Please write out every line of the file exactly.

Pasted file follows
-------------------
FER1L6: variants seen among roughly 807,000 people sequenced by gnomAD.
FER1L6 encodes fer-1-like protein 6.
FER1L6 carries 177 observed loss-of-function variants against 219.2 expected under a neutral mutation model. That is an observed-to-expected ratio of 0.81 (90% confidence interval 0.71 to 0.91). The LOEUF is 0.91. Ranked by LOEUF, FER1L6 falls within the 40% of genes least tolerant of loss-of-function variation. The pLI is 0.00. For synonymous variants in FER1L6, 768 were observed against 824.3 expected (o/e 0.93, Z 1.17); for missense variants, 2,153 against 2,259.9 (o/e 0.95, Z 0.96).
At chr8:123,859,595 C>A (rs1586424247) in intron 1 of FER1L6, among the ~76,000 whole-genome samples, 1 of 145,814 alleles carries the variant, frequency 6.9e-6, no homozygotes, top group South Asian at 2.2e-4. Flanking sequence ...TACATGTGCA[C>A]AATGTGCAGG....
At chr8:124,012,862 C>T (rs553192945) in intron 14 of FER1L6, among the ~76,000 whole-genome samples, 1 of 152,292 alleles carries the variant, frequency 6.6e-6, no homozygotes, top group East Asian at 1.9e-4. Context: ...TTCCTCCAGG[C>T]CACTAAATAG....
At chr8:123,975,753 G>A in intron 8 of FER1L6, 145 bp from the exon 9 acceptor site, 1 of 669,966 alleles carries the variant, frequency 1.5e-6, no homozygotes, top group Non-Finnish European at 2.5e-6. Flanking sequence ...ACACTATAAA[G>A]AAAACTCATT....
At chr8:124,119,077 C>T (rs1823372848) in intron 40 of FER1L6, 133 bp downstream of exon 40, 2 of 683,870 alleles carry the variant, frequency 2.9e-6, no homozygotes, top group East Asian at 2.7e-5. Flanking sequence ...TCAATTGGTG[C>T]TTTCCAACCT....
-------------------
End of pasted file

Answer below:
FER1L6: variants seen among roughly 807,000 people sequenced by gnomAD.
FER1L6 encodes fer-1-like protein 6.
FER1L6 carries 177 observed loss-of-function variants against 219.2 expected under a neutral mutation model. That is an observed-to-expected ratio of 0.81 (90% confidence interval 0.71 to 0.91). The LOEUF is 0.91. Ranked by LOEUF, FER1L6 falls within the 40% of genes least tolerant of loss-of-function variation. The pLI is 0.00. For synonymous variants in FER1L6, 768 were observed against 824.3 expected (o/e 0.93, Z 1.17); for missense variants, 2,153 against 2,259.9 (o/e 0.95, Z 0.96).
At chr8:123,859,595 C>A (rs1586424247) in intron 1 of FER1L6, among the ~76,000 whole-genome samples, 1 of 145,814 alleles carries the variant, frequency 6.9e-6, no homozygotes, top group South Asian at 2.2e-4. Flanking sequence ...TACATGTGCA[C>A]AATGTGCAGG....
At chr8:124,012,862 C>T (rs553192945) in intron 14 of FER1L6, among the ~76,000 whole-genome samples, 1 of 152,292 alleles carries the variant, frequency 6.6e-6, no homozygotes, top group East Asian at 1.9e-4. Context: ...TTCCTCCAGG[C>T]CACTAAATAG....
At chr8:123,975,753 G>A in intron 8 of FER1L6, 145 bp from the exon 9 acceptor site, 1 of 669,966 alleles carries the variant, frequency 1.5e-6, no homozygotes, top group Non-Finnish European at 2.5e-6. Flanking sequence ...ACACTATAAA[G>A]AAAACTCATT....
At chr8:124,119,077 C>T (rs1823372848) in intron 40 of FER1L6, 133 bp downstream of exon 40, 2 of 683,870 alleles carry the variant, frequency 2.9e-6, no homozygotes, top group East Asian at 2.7e-5. Flanking sequence ...TCAATTGGTG[C>T]TTTCCAACCT....